The tattooed crowd is often thought of as too far out ahead of the public. (At Inked we have had to write quite a few articles about tattoo acceptance in the work place, promising that with every year it is coming.) Yet I cannot think of any sect of people who both push society into the future while respecting the past—two of the biggest genres in tattooing are American Traditional and Traditional Japanese, which still use imagery and techniques that were set in place in the early 1900s.
OH HEY, IT'S JUST ME, CINDERELLA. THANK YOU SINCERELY TO ALL OF THE SPECIAL PEOPLE WHO HELPED ME ACHIEVE THIS MOMENT. Ryan Ashley Malarkey wrote this to her Instagram followers after winning Ink Master. While we don't play favorites, well, actually we do, and Ryan was one of the tattooers our staff backed.
I've always found the pin-up style to be sexy and classy, the way that it symbolizes and embraces sexuality. I love the message it sends of accepting and embracing your body. There’s a sense of empowerment behind the classic and timeless look.
Harumi Hironaka’s art is fueled by nicotine and introspection
It’s a few minutes before noon in São Paolo, Brazil, and in her kitchen, tucked away in the bustling cultural hub of South America, Harumi Hironaka is sparking up a cigarette while she waits for her coffee. “I never wake up before 11 AM,” says the Peruvian-born, Japanese-raised Hironaka.
Marek Renton (Ewan McGregor) returns home after being away for 20 years and reunites with Spud (Ewen Bremner), Sick Boy (Jonny Lee Miller), and Begbie (Robert Carlyle). Some things have changed, some things have not. Old habits do indeed die hard, so it looks like the gang will be up to their usual antics and self-destructive behavior.
“YOU'LL NEVER WALK ALONE” The Dropkick Murphys “REDBONE” Childish Gambino “GIRL FROM THE MOUNTAIN” Ghetto Brothers “HEART DON'T STAND A CHANCE” Anderson Paak “BEST TO YOU” Blood Orange “SUNRISE (EYES OF THE YOUNG)” The Flaming Lips “BY DESIGN” Kid Cudi ft: Andre Benjamin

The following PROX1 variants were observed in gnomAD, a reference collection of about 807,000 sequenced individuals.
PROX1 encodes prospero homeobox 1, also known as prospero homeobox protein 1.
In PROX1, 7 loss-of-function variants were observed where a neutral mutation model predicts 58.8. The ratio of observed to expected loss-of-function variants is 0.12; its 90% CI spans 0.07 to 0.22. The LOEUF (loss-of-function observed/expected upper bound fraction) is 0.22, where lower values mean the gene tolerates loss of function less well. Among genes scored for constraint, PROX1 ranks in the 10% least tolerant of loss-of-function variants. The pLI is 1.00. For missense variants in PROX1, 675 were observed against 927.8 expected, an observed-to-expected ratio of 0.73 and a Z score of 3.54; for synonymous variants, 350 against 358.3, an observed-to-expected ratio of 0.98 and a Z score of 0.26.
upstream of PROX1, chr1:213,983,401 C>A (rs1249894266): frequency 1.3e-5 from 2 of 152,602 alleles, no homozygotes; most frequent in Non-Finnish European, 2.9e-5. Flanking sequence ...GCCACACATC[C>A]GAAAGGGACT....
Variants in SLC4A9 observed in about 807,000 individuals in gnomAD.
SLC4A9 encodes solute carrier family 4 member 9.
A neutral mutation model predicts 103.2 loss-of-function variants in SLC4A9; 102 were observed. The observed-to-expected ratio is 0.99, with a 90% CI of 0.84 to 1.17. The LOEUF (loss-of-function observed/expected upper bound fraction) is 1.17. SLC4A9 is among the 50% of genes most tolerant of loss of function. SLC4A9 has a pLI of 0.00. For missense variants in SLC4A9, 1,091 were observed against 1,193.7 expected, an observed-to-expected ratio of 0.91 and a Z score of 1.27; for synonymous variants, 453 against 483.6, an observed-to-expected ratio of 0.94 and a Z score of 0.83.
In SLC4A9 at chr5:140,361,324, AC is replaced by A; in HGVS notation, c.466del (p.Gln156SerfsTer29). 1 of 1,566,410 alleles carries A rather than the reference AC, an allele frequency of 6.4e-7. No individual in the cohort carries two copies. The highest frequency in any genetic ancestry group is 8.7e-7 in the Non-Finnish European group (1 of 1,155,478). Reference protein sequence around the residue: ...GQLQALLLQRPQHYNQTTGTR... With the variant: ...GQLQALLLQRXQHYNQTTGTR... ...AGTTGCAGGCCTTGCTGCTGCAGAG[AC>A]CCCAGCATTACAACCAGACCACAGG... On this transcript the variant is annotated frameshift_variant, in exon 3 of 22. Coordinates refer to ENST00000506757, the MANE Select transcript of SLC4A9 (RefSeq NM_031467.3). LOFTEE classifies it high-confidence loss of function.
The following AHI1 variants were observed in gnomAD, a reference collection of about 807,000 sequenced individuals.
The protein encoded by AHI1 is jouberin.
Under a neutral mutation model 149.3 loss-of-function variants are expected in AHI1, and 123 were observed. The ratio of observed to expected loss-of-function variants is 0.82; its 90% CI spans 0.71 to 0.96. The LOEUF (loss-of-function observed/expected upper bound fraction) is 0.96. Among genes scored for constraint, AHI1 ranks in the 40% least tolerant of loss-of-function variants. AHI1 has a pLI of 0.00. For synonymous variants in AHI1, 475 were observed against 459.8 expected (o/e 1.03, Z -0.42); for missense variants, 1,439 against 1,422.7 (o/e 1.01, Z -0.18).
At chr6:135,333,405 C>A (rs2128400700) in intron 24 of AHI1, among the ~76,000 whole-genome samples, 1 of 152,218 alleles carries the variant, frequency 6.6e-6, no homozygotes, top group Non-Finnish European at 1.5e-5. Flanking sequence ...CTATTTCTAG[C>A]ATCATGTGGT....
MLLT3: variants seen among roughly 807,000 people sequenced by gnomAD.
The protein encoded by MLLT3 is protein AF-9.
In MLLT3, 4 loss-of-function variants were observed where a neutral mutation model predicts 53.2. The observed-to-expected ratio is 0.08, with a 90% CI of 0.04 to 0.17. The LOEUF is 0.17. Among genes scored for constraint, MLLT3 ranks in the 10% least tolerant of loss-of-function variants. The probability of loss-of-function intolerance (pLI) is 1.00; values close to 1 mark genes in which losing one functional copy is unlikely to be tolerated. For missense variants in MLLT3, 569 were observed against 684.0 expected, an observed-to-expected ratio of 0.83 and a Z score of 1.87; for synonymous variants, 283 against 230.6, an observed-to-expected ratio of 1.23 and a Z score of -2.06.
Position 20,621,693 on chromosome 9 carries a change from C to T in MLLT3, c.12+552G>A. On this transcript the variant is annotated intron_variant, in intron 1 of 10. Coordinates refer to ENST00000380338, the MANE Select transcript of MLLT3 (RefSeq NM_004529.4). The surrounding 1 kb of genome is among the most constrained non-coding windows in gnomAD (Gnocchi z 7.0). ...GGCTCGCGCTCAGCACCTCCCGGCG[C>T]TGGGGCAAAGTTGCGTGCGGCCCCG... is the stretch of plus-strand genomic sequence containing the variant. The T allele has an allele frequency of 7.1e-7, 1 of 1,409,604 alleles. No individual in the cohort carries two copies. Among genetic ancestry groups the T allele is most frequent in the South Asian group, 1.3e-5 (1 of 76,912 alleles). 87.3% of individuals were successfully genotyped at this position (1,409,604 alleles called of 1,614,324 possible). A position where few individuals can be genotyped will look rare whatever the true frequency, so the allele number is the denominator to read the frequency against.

“If you ever stop being inspired or stop being taught, you die,” Butch Walker says. “I am constantly grateful that I’m being inspired all the time.” If you don’t know Walker’s solo project, you probably heard his music in one way or another, whether it’s from one of his past bands (he was the lead guitarist of SouthGang and the front man of Marvelous 3 with the Top 40 hit “Freak of the Week”) or if it’s in his producing career, with his collection of artists including Katy Perry, Gavin DeGraw, Pink, Taylor Swift and Keith Urban.
A dialogue with actor Ryan Hurst who also crafted the Farrell clan's unspoken language—the Outsiders' tattoos.
If you need to hire a badass, you call Ryan Hurst’s agent. The actor who embodied Opie Winston in Sons of Anarchy and Chick Hogan on Bates Motel now plays Lil' Foster Farrell in Outsiders on WGN. The Farrell clan is into their second season where they attempt to keep their mountain and genuine way of life against the encroachment of money and outside society.
How to be the perfect pin-up from retro glamorous photographer Shannon Brooke
1. Plan Your Poses This one is for both models and photographers. I'm always storyboarding my pin-up shoots so we can master specific poses. Look to legendary pinup artists Alberto Vargas or Peter Driben for inspiration and to recreate posing.
It was under the shadow of New York's BQE—the Brooklyn Queens Expressway for all you outta-towners—that we came upon a group of hep cats sporting some classic hot rod haute couture and midnight-to-six dead-on-duds. It was a collection of black leather MC's, drainpipe jeans, pink-and-black gabs, car club "colors" and a single-breasted fleck suit.
Though she won Miss Empire State, MiMi Fulton is a filly from Philly
We met MiMi Fulton at the Empire State Tattoo Convention, where she won the tattoo modeling contest. Though not her normal vibe, we thought it would be nifty to recast the enchantress as a pin-up. “I would have to say the most unexpected place that my modeling career has brought me is to this spread in Inked magazine," MiMi says.
In the shadow of Japan's capital Tokyo, you will find the studio of Japanese tattoo legend Horiyoshi III. Still going strong on his traditional tatami, he is considered one of the most influential irezumi (traditional Japanese tattooing) artists, ever.
When did you first realize that you could make a living out of creating art? In 2009 while I was hanging out at my friend's tattoo shop, I was drawing a portrait to pass the time. The shop owner was impressed by my drawing and asked me if I would ever consider tattooing as a career.
WHAT WAS YOUR FIRST SHOP EXPERIENCE LIKE? I was homeless at the time and worked six days a week at the shop, couch surfed at night and shoplifted for food. I was too young to be eligible for welfare assistance, but on the day the shop was closed I worked at a fast food restaurant to get by.
IF YOU WEREN’T A TATTOOER, WHAT DO YOU THINK YOU’D BE DOING? I really love animals and I am vegan. I think I would be working in an animal sanctuary or rescue organization. DO YOU USE VEGAN INKS? Yes, of course. I use only vegan inks, as being vegan is a life choice for me and I am very passionate about my way of life.